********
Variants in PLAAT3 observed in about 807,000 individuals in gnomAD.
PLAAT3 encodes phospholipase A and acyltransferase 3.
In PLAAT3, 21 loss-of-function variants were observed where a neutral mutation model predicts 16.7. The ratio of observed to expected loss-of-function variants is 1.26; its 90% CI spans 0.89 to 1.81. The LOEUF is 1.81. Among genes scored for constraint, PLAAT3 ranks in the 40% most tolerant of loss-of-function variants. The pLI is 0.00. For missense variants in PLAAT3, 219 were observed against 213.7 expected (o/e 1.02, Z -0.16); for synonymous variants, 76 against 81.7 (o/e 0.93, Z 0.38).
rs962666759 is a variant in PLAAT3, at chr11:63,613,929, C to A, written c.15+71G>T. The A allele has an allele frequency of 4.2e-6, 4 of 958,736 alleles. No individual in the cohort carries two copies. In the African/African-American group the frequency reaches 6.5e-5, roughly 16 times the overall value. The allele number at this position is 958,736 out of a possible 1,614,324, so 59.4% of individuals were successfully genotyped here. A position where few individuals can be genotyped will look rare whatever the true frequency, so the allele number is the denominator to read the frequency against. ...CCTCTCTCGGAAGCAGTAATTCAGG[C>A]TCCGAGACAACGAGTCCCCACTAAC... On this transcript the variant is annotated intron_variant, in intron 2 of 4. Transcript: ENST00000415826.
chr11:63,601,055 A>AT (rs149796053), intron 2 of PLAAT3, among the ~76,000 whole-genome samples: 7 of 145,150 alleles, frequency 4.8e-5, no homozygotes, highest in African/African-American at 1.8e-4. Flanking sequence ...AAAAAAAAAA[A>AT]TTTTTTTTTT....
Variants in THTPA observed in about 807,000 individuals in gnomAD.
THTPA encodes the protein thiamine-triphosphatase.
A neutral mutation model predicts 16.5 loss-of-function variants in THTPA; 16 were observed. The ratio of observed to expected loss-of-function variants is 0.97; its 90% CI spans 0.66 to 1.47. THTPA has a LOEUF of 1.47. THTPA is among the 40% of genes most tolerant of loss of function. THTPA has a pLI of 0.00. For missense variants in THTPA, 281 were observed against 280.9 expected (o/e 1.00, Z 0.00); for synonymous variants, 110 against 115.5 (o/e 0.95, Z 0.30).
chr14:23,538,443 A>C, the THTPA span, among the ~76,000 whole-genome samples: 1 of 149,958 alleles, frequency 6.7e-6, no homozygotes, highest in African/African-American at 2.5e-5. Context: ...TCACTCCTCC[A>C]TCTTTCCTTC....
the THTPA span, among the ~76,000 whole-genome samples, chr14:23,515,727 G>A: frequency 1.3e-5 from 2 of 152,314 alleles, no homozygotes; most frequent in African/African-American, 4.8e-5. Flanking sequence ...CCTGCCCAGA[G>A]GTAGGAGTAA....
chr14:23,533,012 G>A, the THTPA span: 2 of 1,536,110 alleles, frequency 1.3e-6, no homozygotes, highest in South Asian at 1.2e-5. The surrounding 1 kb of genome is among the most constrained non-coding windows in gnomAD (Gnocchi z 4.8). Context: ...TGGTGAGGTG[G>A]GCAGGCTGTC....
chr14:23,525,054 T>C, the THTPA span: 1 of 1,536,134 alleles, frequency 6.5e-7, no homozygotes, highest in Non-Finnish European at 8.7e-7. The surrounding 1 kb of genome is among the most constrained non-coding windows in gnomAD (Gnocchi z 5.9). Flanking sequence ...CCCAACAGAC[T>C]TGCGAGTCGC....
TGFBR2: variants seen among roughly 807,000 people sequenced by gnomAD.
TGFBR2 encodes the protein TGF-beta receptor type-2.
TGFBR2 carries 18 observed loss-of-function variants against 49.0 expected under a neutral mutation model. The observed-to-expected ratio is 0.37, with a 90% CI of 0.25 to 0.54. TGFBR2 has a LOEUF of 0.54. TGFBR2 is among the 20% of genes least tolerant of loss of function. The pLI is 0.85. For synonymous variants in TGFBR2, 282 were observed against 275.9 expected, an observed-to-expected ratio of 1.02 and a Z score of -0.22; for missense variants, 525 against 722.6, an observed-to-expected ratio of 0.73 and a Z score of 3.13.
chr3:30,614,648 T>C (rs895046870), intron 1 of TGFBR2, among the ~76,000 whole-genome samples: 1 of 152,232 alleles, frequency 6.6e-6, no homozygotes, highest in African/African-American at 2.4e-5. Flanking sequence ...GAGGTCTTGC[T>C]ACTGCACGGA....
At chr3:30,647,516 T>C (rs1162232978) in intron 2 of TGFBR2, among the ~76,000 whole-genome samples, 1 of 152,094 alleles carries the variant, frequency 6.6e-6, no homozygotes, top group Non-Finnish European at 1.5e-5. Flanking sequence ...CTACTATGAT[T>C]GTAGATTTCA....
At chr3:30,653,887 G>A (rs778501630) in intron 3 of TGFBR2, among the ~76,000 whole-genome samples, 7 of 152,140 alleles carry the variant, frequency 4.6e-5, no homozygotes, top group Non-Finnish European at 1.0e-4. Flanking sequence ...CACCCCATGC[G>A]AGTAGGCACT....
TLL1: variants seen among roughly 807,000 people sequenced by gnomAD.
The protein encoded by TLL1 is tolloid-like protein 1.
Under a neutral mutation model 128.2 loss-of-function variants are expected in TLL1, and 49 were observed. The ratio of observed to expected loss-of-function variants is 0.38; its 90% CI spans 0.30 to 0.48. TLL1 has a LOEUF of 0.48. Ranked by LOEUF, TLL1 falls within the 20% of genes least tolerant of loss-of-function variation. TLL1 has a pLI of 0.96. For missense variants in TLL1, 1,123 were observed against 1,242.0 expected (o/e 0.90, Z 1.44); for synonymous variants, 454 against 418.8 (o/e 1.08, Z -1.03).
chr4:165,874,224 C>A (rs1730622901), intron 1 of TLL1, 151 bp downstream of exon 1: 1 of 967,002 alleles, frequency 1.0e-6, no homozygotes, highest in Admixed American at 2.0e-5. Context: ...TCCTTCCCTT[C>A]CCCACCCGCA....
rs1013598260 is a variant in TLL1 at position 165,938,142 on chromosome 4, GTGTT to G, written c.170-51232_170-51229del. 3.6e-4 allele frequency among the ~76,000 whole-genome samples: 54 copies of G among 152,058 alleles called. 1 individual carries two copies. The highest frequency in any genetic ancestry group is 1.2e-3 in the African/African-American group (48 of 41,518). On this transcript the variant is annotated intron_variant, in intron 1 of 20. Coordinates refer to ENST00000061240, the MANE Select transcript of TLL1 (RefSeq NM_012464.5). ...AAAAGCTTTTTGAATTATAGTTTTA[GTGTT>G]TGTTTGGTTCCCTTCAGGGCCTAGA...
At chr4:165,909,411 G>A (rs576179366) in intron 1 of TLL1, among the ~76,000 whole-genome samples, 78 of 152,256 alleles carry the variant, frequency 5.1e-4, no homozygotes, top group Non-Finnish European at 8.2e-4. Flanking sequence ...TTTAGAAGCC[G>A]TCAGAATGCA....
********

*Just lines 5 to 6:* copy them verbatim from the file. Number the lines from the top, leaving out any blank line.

chr11:63,601,055 A>AT (rs149796053), intron 2 of PLAAT3, among the ~76,000 whole-genome samples: 7 of 145,150 alleles, frequency 4.8e-5, no homozygotes, highest in African/African-American at 1.8e-4. Flanking sequence ...AAAAAAAAAA[A>AT]TTTTTTTTTT....
Variants in THTPA observed in about 807,000 individuals in gnomAD.